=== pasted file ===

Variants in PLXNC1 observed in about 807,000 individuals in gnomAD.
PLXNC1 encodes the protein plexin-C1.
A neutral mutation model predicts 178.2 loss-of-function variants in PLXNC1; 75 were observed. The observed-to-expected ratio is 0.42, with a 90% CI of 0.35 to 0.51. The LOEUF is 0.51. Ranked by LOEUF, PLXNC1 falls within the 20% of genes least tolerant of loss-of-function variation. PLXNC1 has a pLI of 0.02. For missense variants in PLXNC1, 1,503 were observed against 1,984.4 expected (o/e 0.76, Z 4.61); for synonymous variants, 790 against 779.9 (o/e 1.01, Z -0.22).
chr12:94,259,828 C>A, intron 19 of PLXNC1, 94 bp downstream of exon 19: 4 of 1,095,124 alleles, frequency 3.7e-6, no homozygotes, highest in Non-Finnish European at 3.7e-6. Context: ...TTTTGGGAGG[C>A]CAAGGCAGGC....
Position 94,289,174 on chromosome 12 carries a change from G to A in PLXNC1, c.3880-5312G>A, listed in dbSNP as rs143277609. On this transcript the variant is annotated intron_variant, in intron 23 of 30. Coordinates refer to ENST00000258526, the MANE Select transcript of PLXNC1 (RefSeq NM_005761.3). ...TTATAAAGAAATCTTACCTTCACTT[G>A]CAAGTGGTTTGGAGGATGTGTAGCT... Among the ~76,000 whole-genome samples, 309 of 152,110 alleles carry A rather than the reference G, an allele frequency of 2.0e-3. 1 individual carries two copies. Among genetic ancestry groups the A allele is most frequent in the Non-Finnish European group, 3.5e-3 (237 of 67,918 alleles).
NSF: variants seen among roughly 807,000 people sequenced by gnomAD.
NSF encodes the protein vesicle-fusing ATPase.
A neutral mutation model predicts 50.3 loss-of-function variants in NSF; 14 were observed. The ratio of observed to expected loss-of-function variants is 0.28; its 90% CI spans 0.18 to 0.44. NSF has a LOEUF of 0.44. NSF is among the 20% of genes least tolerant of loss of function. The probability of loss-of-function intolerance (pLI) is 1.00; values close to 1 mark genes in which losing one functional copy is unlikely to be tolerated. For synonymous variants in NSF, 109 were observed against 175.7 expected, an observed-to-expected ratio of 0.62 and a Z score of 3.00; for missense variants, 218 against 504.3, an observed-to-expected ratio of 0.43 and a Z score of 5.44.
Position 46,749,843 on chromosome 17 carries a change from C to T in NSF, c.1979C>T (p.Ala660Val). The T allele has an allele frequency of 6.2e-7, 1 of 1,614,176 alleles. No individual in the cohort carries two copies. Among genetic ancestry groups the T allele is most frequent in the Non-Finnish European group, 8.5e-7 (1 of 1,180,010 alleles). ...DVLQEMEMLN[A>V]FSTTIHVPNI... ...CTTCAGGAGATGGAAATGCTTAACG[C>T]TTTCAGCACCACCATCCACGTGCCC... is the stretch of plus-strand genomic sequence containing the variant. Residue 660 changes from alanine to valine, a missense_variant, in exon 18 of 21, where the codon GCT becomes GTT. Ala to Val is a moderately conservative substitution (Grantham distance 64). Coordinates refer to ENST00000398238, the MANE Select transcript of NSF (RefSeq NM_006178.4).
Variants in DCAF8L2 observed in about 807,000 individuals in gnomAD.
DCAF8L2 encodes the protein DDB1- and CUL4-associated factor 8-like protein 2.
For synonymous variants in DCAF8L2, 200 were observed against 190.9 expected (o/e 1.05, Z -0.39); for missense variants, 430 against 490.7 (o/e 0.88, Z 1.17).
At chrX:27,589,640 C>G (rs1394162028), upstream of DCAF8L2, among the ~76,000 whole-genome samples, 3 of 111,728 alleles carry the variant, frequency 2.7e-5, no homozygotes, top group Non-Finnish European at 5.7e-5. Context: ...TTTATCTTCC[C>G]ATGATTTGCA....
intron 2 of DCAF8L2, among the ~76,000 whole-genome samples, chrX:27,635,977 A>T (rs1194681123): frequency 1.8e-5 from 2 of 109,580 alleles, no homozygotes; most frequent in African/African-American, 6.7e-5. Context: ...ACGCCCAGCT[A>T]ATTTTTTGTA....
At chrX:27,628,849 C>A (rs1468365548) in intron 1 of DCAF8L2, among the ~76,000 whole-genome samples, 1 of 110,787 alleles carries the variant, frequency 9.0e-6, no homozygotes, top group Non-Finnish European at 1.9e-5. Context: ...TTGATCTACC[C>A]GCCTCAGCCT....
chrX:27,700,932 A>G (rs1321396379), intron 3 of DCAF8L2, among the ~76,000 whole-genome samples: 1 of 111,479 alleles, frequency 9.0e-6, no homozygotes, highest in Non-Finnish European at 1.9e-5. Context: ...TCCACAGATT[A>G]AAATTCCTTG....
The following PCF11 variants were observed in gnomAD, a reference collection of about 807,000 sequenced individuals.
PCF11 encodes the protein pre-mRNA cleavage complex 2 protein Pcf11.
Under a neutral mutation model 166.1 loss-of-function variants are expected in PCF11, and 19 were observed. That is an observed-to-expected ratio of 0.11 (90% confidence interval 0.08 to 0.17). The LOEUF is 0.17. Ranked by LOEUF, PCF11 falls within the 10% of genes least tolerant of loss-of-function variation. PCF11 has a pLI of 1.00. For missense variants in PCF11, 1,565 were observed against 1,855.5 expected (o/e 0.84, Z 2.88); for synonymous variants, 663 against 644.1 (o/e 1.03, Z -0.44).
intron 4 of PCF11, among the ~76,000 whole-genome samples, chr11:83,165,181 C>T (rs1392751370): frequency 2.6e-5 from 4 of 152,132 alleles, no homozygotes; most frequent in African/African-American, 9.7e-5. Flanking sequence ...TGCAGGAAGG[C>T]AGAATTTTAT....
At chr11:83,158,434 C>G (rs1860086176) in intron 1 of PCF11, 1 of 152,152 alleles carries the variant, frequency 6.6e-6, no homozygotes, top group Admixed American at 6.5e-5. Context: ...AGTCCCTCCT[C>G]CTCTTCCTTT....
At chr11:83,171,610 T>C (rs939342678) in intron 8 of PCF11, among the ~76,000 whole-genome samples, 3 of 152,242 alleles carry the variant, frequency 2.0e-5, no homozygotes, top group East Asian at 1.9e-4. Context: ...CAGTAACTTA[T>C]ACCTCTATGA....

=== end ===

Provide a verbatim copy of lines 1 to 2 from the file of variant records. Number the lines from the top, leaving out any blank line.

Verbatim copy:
Variants in PLXNC1 observed in about 807,000 individuals in gnomAD.
PLXNC1 encodes the protein plexin-C1.